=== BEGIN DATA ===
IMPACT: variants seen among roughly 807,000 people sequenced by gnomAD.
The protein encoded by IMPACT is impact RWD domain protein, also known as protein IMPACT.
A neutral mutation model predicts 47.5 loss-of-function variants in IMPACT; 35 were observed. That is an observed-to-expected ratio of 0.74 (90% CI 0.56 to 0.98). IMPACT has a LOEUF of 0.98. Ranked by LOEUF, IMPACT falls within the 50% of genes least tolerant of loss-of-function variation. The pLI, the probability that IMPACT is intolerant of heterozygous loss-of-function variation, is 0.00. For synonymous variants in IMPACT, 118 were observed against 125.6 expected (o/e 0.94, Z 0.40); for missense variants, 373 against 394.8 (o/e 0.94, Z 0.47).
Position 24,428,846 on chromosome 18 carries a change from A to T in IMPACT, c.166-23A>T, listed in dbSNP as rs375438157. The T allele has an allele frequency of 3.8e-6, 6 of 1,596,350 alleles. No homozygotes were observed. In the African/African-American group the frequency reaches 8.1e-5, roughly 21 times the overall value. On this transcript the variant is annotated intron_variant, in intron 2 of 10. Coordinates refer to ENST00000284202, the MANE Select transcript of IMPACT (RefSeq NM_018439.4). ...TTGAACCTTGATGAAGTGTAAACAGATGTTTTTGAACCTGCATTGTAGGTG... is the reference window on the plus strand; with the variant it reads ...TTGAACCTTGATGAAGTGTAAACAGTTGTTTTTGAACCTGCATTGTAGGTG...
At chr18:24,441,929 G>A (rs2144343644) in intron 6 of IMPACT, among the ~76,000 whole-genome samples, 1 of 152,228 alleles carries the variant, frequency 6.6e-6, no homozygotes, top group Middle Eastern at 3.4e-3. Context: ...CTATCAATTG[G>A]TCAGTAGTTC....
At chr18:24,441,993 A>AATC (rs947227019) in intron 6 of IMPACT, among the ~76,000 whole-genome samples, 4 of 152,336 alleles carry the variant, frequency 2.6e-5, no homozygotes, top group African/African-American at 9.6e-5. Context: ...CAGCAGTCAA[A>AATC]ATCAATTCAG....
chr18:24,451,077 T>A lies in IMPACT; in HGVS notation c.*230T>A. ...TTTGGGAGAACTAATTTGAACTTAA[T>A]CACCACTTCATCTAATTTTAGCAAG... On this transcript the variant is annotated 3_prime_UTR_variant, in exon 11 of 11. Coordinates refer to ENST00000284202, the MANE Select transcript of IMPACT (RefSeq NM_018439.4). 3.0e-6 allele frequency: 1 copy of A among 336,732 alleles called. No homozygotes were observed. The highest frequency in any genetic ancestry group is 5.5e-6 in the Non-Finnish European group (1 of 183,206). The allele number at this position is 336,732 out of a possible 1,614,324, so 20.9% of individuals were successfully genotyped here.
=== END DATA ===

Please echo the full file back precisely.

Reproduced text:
IMPACT: variants seen among roughly 807,000 people sequenced by gnomAD.
The protein encoded by IMPACT is impact RWD domain protein, also known as protein IMPACT.
A neutral mutation model predicts 47.5 loss-of-function variants in IMPACT; 35 were observed. That is an observed-to-expected ratio of 0.74 (90% CI 0.56 to 0.98). IMPACT has a LOEUF of 0.98. Ranked by LOEUF, IMPACT falls within the 50% of genes least tolerant of loss-of-function variation. The pLI, the probability that IMPACT is intolerant of heterozygous loss-of-function variation, is 0.00. For synonymous variants in IMPACT, 118 were observed against 125.6 expected (o/e 0.94, Z 0.40); for missense variants, 373 against 394.8 (o/e 0.94, Z 0.47).
Position 24,428,846 on chromosome 18 carries a change from A to T in IMPACT, c.166-23A>T, listed in dbSNP as rs375438157. The T allele has an allele frequency of 3.8e-6, 6 of 1,596,350 alleles. No homozygotes were observed. In the African/African-American group the frequency reaches 8.1e-5, roughly 21 times the overall value. On this transcript the variant is annotated intron_variant, in intron 2 of 10. Coordinates refer to ENST00000284202, the MANE Select transcript of IMPACT (RefSeq NM_018439.4). ...TTGAACCTTGATGAAGTGTAAACAGATGTTTTTGAACCTGCATTGTAGGTG... is the reference window on the plus strand; with the variant it reads ...TTGAACCTTGATGAAGTGTAAACAGTTGTTTTTGAACCTGCATTGTAGGTG...
At chr18:24,441,929 G>A (rs2144343644) in intron 6 of IMPACT, among the ~76,000 whole-genome samples, 1 of 152,228 alleles carries the variant, frequency 6.6e-6, no homozygotes, top group Middle Eastern at 3.4e-3. Context: ...CTATCAATTG[G>A]TCAGTAGTTC....
At chr18:24,441,993 A>AATC (rs947227019) in intron 6 of IMPACT, among the ~76,000 whole-genome samples, 4 of 152,336 alleles carry the variant, frequency 2.6e-5, no homozygotes, top group African/African-American at 9.6e-5. Context: ...CAGCAGTCAA[A>AATC]ATCAATTCAG....
chr18:24,451,077 T>A lies in IMPACT; in HGVS notation c.*230T>A. ...TTTGGGAGAACTAATTTGAACTTAA[T>A]CACCACTTCATCTAATTTTAGCAAG... On this transcript the variant is annotated 3_prime_UTR_variant, in exon 11 of 11. Coordinates refer to ENST00000284202, the MANE Select transcript of IMPACT (RefSeq NM_018439.4). 3.0e-6 allele frequency: 1 copy of A among 336,732 alleles called. No homozygotes were observed. The highest frequency in any genetic ancestry group is 5.5e-6 in the Non-Finnish European group (1 of 183,206). The allele number at this position is 336,732 out of a possible 1,614,324, so 20.9% of individuals were successfully genotyped here.